Data-driven vs intuition-based decision making
For everyone, especially practitioners of yoga, this is such an important topic that I added a comments section below to hear your opinion on data-driven vs intuition-based decision making. In the modern era we prize data driven decision making. Yet not everyone is comfortable making decision based on data. The "gut-feel" component significantly sways decisions. One the one hand, people are told not to make decisions based on emotions since emotions can cloud reality; yet on the other hand people use phrases like, "Paralysis by analysis" (of too much data), "missing the forest for the trees" etc. to dissuade too much data analysis. So what is the yogic perspective on this topic ?
People are wired differently
One thing we have to acknowledge is that people are wired differently and this drives how they make decisions. In modern day psychology, people use indicators like the Myers Briggs Type Indicator (MBTI) to classify people into several categories (sixteen for MBTI) based on their mental makeup. The ancient science of Ayurveda uses the concept of doshas to categorize people based on not just their mind but also the body constitution. The Ayurvedic system uses 3 doshas to classify people into 7 types. While the Ayurvedic system does not, the MBTI specifically has a category that distinguishes people based on how they make decisions - thinking vs feeling.
The 16 MBTI types
Even in the ancient text on yoga, the Bhagavad Gita, Krishna tells Arjuna that, "Your actions are born of and bound by your true nature (Swabhava). That which out of delusion you choose not to do you will end up doing helplessly, propelled by your nature".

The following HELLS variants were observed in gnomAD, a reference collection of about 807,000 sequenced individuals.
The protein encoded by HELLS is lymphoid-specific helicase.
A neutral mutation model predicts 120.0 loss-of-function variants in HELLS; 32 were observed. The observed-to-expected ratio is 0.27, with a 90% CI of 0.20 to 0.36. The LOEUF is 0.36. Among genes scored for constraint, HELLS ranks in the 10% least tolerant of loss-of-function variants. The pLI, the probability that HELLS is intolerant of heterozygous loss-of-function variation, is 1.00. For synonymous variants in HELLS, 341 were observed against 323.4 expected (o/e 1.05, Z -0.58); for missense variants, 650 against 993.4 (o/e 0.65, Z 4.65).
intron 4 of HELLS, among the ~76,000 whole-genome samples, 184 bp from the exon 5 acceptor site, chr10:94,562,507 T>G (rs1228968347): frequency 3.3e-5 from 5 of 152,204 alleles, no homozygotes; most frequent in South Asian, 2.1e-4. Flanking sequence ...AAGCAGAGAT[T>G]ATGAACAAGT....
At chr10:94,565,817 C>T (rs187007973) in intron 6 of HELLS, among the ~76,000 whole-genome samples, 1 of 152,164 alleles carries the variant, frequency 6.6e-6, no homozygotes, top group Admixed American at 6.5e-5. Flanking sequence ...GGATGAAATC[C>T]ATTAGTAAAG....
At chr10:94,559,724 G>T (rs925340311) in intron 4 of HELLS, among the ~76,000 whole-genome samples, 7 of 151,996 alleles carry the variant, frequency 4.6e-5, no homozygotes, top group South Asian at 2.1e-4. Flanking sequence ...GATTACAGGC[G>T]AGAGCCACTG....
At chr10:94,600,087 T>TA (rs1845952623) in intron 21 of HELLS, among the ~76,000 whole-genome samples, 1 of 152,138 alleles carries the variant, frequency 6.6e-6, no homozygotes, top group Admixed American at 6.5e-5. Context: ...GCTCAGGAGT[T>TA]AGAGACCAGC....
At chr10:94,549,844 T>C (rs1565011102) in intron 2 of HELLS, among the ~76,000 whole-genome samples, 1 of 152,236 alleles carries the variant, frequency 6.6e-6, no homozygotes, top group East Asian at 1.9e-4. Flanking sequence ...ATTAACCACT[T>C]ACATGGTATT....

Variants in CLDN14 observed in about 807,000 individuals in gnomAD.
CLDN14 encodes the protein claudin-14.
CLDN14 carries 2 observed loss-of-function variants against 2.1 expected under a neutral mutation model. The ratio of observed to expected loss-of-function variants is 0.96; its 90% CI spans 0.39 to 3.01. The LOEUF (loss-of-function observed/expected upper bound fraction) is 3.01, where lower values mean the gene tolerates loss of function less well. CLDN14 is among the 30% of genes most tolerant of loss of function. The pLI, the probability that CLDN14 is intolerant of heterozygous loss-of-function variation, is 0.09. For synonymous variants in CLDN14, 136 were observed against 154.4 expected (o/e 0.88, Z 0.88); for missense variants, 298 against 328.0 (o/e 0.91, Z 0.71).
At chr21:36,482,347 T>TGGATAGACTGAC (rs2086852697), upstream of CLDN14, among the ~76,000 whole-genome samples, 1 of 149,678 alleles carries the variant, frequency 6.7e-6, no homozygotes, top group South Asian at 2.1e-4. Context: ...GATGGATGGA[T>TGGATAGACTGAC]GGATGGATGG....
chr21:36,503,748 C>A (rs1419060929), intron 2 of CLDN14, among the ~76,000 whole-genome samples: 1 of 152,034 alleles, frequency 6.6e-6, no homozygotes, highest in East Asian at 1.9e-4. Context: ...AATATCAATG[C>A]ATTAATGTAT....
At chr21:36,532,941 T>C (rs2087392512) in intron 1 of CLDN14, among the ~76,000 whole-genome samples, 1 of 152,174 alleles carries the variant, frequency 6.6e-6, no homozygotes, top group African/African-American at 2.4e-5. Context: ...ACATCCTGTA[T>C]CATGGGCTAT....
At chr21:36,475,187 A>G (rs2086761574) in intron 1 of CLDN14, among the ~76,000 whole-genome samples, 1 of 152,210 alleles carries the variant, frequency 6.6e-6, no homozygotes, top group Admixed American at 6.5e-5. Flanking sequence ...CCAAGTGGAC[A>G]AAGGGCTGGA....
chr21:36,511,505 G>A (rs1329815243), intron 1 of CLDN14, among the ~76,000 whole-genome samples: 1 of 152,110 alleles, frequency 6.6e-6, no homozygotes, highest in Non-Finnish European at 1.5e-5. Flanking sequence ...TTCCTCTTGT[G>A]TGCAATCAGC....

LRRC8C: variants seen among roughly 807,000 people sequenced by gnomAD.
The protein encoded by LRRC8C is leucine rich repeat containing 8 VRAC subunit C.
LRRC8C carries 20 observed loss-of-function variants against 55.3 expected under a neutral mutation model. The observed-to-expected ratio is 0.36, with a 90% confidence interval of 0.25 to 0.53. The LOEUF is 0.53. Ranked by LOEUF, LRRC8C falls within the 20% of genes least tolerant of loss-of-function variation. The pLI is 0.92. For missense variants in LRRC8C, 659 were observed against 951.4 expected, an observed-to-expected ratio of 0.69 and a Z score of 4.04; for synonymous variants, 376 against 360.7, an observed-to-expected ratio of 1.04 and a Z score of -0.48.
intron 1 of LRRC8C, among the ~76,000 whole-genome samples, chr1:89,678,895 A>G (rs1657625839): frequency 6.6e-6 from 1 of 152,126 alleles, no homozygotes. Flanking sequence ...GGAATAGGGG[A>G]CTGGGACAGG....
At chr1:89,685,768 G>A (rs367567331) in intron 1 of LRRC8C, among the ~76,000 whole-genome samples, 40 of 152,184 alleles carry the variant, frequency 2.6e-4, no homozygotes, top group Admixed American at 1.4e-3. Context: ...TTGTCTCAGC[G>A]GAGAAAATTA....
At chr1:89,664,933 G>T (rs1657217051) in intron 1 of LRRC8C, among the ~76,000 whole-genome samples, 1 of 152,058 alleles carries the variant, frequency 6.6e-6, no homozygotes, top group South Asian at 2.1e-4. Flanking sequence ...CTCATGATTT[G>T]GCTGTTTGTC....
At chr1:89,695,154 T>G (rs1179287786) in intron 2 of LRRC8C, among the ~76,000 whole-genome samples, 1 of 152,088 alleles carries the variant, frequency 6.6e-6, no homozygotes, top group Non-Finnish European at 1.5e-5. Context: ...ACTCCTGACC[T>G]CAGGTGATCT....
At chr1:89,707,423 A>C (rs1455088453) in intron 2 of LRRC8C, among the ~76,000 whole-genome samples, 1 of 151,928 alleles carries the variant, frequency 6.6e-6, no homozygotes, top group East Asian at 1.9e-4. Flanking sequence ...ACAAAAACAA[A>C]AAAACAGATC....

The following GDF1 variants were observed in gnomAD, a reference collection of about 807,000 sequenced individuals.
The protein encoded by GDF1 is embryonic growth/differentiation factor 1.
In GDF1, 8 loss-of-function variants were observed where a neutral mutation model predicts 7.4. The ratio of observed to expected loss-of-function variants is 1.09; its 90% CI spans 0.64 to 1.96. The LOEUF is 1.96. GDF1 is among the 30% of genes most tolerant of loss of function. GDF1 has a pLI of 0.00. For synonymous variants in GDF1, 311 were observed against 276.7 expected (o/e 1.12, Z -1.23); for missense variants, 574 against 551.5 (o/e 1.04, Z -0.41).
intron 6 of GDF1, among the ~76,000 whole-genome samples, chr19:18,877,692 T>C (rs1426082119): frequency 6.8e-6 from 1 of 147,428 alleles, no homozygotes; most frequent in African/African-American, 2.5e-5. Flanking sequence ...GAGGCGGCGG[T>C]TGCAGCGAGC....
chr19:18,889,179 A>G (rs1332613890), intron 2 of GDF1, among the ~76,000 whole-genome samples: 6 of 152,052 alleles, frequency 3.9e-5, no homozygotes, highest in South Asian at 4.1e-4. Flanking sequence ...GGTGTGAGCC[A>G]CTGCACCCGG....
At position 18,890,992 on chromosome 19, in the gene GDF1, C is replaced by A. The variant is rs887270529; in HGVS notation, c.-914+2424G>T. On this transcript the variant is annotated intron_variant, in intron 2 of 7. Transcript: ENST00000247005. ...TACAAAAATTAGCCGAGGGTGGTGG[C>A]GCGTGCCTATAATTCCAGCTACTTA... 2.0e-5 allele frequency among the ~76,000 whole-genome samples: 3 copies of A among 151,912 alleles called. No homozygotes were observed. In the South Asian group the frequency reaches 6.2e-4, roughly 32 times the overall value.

So does this all mean that the best decision making process is just based on one's nature ? Is this what the Yogic system also says ? The answer is "no". The yogic system talks about something much more profound, borne from a meditative state, that will help us make the right decision.
The Yogic system on decision making
In my home page I have quoted sutra 4.6 from Patanjali's yoga sutra which says "Tatra Dhyanajam Anashayam (Yoga sutra 4.6)"
तत्र ध्यानजम् अनाशयम्
An action done or a decision taken from a meditative state of mind leaves no residues of attachment (and is thus, of high quality)
Patanjali repeatedly talks about a process called "Pratibha" which means a spontaneous, intuitive flash of insight, that arises when the mind is in a meditative state. I have previous touched upon this in a article titled, "Patanjali on "What comes from long term practice of Yoga" ". This transcends both the thinking and the feeling based decision making types of MBTI. In fact many people go to week-long or months-long meditation retreats to settle their mind down so that at the end of the retreat, the mind is in such a meditative state that it makes good decisions. This is also the reason why people use the phrase "Sleep over a decision", the idea here being that when you give the decision making process some space, then the brain relaxes and makes the correct decision.
A silent meditation retreat which is often used by people to settle the mind before making big decisions in life, like embarking on a new career.
Knowledge of everything is obtained through Pratibha - a spontaneous intuitive flash of insight.
I would love to hear your thoughts on this topic. Please leave them below.